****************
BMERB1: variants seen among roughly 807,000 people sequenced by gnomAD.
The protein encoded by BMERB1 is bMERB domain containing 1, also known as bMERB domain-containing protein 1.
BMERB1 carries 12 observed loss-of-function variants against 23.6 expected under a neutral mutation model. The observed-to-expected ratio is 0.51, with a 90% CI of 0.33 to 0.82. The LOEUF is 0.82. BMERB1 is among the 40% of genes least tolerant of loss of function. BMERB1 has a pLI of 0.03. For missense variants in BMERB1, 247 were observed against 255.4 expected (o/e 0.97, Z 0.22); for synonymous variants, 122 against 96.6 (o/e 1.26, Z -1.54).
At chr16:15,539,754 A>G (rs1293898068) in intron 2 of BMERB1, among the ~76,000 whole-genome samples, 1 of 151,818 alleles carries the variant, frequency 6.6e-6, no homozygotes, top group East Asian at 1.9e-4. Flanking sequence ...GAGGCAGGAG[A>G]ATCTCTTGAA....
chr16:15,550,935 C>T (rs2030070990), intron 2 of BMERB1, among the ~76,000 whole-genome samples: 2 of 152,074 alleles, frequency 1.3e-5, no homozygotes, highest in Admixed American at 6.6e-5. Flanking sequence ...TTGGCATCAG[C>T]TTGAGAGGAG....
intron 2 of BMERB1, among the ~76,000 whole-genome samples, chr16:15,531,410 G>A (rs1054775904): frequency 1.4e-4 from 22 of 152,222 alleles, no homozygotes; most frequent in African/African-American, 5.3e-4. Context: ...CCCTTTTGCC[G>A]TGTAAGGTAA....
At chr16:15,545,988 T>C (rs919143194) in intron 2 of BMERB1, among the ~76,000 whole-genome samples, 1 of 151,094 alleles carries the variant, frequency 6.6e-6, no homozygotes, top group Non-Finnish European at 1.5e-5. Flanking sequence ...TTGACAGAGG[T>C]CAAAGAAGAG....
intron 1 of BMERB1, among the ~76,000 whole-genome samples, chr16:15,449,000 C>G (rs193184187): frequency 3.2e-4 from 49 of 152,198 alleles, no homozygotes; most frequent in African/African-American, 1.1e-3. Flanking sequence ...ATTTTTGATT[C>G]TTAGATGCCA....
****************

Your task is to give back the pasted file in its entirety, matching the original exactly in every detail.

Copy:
BMERB1: variants seen among roughly 807,000 people sequenced by gnomAD.
The protein encoded by BMERB1 is bMERB domain containing 1, also known as bMERB domain-containing protein 1.
BMERB1 carries 12 observed loss-of-function variants against 23.6 expected under a neutral mutation model. The observed-to-expected ratio is 0.51, with a 90% CI of 0.33 to 0.82. The LOEUF is 0.82. BMERB1 is among the 40% of genes least tolerant of loss of function. BMERB1 has a pLI of 0.03. For missense variants in BMERB1, 247 were observed against 255.4 expected (o/e 0.97, Z 0.22); for synonymous variants, 122 against 96.6 (o/e 1.26, Z -1.54).
At chr16:15,539,754 A>G (rs1293898068) in intron 2 of BMERB1, among the ~76,000 whole-genome samples, 1 of 151,818 alleles carries the variant, frequency 6.6e-6, no homozygotes, top group East Asian at 1.9e-4. Flanking sequence ...GAGGCAGGAG[A>G]ATCTCTTGAA....
chr16:15,550,935 C>T (rs2030070990), intron 2 of BMERB1, among the ~76,000 whole-genome samples: 2 of 152,074 alleles, frequency 1.3e-5, no homozygotes, highest in Admixed American at 6.6e-5. Flanking sequence ...TTGGCATCAG[C>T]TTGAGAGGAG....
intron 2 of BMERB1, among the ~76,000 whole-genome samples, chr16:15,531,410 G>A (rs1054775904): frequency 1.4e-4 from 22 of 152,222 alleles, no homozygotes; most frequent in African/African-American, 5.3e-4. Context: ...CCCTTTTGCC[G>A]TGTAAGGTAA....
At chr16:15,545,988 T>C (rs919143194) in intron 2 of BMERB1, among the ~76,000 whole-genome samples, 1 of 151,094 alleles carries the variant, frequency 6.6e-6, no homozygotes, top group Non-Finnish European at 1.5e-5. Flanking sequence ...TTGACAGAGG[T>C]CAAAGAAGAG....
intron 1 of BMERB1, among the ~76,000 whole-genome samples, chr16:15,449,000 C>G (rs193184187): frequency 3.2e-4 from 49 of 152,198 alleles, no homozygotes; most frequent in African/African-American, 1.1e-3. Flanking sequence ...ATTTTTGATT[C>G]TTAGATGCCA....